Canadian Labour Congress

Canadian Labour Congress

November 04, 2005 08:41 ET

Jobs: Not Enough to Brag in Argentina

Attention: Assignment Editor, Business/Financial Editor, City Editor, News Editor, Government/Political Affairs Editor OTTAWA--(CCNMatthews - Nov. 4, 2005) - The Canadian Labour Congress warns the Prime Minister Paul Martin against bragging about Canada's job creation record when he attends the Summit of the Americas this weekend. The central items on the Summit's agenda, in Mar del Plata, Argentina, are job creation and fighting poverty.

"No one will dispute that at 6.6%, the seasonally-adjusted unemployment rate is encouraging news," says Ken Georgetti, president of the Canadian Labour Congress. "But around the kitchen tables of this country, people don't feel it. The Prime Minister still needs to focus on the deterioration in the quality of the new jobs being created, the fact that real hourly wages, on average, have not gained more than 0.5% over the last year, and the continuing haemorrhage in the manufacturing sector."

"Canada still needs a real job's strategy to raise productivity, to maintain and improve workers' skills and to raise the quality of life of workers and their families," explains Georgetti.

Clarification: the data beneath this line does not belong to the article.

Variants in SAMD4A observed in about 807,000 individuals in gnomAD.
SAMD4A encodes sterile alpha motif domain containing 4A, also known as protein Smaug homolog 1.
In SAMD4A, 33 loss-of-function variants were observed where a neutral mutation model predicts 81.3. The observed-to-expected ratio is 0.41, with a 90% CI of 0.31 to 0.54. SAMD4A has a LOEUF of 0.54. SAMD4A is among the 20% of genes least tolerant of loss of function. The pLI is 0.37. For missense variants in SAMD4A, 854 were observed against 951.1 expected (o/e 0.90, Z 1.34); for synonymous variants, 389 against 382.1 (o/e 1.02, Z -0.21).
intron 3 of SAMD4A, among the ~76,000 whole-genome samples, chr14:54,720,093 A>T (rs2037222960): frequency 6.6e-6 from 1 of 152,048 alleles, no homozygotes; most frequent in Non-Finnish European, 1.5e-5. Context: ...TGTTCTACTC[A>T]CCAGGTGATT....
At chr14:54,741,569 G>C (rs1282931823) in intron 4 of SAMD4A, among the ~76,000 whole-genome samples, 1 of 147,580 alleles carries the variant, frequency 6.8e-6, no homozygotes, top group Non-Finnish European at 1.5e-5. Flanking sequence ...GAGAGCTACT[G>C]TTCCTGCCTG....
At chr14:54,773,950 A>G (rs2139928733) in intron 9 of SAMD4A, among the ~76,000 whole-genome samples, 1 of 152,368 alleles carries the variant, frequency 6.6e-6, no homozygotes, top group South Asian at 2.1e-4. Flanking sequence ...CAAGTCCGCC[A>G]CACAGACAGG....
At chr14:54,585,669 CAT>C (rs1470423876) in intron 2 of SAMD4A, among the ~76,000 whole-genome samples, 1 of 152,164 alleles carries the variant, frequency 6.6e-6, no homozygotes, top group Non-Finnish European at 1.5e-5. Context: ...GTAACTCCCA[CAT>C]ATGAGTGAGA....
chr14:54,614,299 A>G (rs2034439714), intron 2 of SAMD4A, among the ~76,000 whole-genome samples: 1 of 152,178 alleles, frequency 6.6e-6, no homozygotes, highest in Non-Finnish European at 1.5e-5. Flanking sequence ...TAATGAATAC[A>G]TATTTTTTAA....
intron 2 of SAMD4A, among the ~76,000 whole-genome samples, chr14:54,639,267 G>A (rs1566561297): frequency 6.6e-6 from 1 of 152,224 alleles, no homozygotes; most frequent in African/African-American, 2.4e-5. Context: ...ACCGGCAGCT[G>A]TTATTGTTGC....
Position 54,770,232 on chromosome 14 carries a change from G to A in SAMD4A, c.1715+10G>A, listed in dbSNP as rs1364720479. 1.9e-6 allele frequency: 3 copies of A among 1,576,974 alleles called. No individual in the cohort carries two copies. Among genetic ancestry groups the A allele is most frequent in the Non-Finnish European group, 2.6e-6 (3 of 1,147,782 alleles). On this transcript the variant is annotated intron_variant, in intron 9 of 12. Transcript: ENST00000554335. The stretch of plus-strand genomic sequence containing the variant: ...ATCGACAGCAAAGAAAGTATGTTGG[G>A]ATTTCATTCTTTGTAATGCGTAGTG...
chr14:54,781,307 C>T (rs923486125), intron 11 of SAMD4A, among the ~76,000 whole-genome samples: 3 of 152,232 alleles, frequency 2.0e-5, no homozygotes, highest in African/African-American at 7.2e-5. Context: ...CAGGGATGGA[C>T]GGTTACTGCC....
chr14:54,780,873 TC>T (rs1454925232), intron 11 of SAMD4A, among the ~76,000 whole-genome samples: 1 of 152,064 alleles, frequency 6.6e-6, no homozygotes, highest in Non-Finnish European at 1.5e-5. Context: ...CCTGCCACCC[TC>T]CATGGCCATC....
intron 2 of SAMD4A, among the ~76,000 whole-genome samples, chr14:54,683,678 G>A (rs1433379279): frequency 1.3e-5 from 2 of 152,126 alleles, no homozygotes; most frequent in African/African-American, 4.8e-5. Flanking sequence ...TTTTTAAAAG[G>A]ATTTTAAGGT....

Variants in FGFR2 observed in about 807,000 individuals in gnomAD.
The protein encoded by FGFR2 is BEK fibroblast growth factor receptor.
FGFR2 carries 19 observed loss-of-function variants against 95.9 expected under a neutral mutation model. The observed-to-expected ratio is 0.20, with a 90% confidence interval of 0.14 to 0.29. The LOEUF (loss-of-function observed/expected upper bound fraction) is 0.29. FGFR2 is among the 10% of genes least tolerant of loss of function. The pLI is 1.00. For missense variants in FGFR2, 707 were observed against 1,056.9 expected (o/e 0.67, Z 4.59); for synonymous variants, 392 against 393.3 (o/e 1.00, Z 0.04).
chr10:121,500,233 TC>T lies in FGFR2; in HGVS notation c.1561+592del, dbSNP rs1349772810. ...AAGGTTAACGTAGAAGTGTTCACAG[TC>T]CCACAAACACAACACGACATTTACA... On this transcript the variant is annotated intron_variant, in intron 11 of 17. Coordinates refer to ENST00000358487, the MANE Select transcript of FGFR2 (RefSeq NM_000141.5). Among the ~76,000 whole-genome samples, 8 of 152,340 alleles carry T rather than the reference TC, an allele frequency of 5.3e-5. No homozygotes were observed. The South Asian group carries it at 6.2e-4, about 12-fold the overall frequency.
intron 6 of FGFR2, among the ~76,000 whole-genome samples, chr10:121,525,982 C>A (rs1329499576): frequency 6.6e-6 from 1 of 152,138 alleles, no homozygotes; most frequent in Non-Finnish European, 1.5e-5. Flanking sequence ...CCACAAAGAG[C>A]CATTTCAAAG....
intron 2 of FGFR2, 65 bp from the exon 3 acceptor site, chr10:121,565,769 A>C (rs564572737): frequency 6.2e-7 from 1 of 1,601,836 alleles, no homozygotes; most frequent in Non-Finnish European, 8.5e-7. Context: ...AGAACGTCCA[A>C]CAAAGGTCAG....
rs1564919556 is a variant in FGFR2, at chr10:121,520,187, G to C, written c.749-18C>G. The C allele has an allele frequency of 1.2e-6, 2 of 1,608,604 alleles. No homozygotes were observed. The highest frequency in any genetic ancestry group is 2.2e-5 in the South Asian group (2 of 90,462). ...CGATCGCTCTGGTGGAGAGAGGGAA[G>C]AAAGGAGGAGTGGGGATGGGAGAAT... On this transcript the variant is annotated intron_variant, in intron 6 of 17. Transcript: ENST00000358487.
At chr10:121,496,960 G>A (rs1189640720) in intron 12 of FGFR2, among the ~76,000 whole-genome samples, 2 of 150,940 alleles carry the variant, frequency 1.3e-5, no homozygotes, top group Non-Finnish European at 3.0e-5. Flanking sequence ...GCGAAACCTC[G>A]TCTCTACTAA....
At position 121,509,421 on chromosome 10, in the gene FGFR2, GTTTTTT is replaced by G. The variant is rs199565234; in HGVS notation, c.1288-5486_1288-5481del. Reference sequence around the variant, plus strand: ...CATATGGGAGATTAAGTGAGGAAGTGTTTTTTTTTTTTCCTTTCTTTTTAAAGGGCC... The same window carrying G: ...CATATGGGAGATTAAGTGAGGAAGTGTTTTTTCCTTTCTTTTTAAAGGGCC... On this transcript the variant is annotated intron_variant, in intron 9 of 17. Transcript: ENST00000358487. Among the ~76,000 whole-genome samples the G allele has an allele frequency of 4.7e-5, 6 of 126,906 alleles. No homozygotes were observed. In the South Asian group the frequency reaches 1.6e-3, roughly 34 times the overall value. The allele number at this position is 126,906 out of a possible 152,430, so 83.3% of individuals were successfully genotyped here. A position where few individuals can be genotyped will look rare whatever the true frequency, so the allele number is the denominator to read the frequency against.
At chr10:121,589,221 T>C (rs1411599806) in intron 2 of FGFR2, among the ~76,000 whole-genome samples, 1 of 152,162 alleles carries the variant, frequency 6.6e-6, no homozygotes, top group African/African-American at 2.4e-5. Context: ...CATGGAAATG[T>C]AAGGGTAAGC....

The unemployment numbers - Statistics Canada's Labour Force Survey reports that in October 2005, the unemployment edged down to 6.6%, compared to 6.7% in September. The manufacturing sector added new losses of 8,000 jobs last month, totalling accumulated losses of over 206,000 jobs since November 2002. Despite the big burst of job creation - most of it part-time - last month, in October 2005, there were 1,155,900 Canadians who wanted to work but did not have a job.

Economist Pierre Laliberté's Analysis

Even though this month's labour force report confirms the ongoing weakness of Canada's manufacturing sector, and that most job created were part-time, there are some positive developments to report:

* The participation and employment rates are up, particularly those of young Canadians - a development we have been waiting for some time;

* Private sector employers are starting to pull their weight - they were in fact responsible for most job creation in October, a welcomed change from previous months;

* One month does not make a trend, but if maintained this would bode well for the future.

* Meanwhile, the government and the Bank of Canada should keep their attention to the ongoing restructuring of Canada's manufacturing sector, and the need to maintain an accommodative environment.

The Canadian Labour Congress, the national voice of the labour movement, represents 3 million Canadian workers. The CLC brings together Canada's national and international unions along with the provincial and territorial federations of labour and 137 district labour councils. Web site: IN: ECONOMY, FINANCE, LABOUR, POLITICS, SOCIAL

Contact Information

  • Jean Wolff, Canadian Labour Congress
    Primary Phone: 613-526-7431
    Secondary Phone: 613-878-6040